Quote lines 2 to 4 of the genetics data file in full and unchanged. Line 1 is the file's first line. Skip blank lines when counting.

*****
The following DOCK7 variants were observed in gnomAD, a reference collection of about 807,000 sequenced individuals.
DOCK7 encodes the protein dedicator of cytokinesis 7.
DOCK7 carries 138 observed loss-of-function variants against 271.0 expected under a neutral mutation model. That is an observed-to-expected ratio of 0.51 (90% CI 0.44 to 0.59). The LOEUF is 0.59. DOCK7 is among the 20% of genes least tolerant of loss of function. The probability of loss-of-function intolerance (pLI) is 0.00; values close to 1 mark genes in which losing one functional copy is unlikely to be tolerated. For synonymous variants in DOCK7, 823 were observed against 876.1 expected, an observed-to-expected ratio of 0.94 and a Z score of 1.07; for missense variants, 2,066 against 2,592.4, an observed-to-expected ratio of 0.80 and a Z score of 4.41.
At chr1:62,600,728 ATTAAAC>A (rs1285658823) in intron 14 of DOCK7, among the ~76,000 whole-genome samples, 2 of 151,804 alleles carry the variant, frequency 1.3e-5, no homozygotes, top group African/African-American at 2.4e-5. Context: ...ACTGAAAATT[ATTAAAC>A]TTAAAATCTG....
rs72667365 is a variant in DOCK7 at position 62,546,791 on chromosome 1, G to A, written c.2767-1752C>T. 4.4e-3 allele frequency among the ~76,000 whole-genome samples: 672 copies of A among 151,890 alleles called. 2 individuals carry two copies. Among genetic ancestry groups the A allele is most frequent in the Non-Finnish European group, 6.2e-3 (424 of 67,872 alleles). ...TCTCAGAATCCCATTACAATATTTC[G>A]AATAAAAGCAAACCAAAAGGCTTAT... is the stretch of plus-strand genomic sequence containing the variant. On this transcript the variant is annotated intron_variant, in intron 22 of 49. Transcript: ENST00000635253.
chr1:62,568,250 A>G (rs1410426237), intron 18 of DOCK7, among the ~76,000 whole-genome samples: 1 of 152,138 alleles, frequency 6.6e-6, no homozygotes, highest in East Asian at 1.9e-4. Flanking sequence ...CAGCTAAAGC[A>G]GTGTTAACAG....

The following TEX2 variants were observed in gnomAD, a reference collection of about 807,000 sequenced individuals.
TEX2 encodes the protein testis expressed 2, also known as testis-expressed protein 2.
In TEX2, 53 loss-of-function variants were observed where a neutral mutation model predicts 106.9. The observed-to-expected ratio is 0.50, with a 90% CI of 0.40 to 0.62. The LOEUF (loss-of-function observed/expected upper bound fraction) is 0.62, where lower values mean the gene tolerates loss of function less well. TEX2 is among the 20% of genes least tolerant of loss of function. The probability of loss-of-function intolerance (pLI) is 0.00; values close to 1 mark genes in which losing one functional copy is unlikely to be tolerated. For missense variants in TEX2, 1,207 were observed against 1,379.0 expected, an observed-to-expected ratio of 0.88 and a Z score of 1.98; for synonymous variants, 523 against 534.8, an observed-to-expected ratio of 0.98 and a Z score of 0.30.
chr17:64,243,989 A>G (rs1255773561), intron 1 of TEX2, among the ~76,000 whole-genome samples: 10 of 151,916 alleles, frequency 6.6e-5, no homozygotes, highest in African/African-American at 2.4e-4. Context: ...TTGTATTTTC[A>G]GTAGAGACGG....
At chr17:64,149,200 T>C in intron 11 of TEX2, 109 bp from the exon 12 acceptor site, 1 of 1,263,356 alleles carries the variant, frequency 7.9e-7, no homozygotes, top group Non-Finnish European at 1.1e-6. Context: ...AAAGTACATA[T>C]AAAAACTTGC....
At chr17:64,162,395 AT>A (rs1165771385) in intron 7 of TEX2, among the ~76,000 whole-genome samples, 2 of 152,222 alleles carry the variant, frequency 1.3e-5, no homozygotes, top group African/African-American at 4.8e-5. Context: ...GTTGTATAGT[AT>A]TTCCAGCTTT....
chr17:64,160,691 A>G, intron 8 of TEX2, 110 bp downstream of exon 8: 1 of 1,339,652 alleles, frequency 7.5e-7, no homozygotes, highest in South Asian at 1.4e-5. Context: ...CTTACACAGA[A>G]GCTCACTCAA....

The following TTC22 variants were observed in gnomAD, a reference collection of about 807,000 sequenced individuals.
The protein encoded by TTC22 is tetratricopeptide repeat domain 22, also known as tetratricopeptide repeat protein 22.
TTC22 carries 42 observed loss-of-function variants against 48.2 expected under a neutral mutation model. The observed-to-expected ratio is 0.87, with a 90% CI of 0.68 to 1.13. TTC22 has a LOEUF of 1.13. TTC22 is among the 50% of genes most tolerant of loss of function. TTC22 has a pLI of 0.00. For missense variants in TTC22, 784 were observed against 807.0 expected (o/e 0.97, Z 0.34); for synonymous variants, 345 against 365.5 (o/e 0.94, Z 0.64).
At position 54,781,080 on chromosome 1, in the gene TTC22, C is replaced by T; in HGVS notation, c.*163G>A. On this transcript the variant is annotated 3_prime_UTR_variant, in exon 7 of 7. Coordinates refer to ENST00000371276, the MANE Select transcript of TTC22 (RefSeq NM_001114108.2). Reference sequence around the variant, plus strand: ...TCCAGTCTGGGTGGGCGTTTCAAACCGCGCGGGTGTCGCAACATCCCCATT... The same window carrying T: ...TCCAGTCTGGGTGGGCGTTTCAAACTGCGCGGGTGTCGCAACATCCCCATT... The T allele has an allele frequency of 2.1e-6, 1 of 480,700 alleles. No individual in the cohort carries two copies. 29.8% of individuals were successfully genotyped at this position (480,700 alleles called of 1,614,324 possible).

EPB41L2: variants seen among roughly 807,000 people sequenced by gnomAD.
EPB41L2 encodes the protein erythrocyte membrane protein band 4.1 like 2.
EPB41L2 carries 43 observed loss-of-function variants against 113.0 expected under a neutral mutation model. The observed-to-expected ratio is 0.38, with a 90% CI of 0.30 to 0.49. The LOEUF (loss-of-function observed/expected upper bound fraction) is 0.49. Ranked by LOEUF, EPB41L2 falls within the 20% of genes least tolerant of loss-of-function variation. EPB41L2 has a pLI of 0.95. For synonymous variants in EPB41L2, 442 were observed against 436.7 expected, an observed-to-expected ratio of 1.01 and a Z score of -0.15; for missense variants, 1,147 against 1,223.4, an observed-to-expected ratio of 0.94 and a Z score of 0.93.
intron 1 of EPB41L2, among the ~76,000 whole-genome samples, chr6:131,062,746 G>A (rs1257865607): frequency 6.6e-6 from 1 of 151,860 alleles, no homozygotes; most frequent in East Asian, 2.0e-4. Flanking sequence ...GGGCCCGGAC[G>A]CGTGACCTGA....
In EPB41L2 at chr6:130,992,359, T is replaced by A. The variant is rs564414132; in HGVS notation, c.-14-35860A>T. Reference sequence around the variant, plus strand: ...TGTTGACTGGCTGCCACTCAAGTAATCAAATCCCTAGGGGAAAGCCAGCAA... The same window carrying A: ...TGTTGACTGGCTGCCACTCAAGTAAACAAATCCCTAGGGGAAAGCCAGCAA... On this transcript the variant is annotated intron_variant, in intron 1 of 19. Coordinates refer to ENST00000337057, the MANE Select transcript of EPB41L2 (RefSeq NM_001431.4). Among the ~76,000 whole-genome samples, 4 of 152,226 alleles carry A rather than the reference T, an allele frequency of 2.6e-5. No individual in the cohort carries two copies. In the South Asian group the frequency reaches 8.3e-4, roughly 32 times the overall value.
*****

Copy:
DOCK7 encodes the protein dedicator of cytokinesis 7.
DOCK7 carries 138 observed loss-of-function variants against 271.0 expected under a neutral mutation model. That is an observed-to-expected ratio of 0.51 (90% CI 0.44 to 0.59). The LOEUF is 0.59. DOCK7 is among the 20% of genes least tolerant of loss of function. The probability of loss-of-function intolerance (pLI) is 0.00; values close to 1 mark genes in which losing one functional copy is unlikely to be tolerated. For synonymous variants in DOCK7, 823 were observed against 876.1 expected, an observed-to-expected ratio of 0.94 and a Z score of 1.07; for missense variants, 2,066 against 2,592.4, an observed-to-expected ratio of 0.80 and a Z score of 4.41.
At chr1:62,600,728 ATTAAAC>A (rs1285658823) in intron 14 of DOCK7, among the ~76,000 whole-genome samples, 2 of 151,804 alleles carry the variant, frequency 1.3e-5, no homozygotes, top group African/African-American at 2.4e-5. Context: ...ACTGAAAATT[ATTAAAC>A]TTAAAATCTG....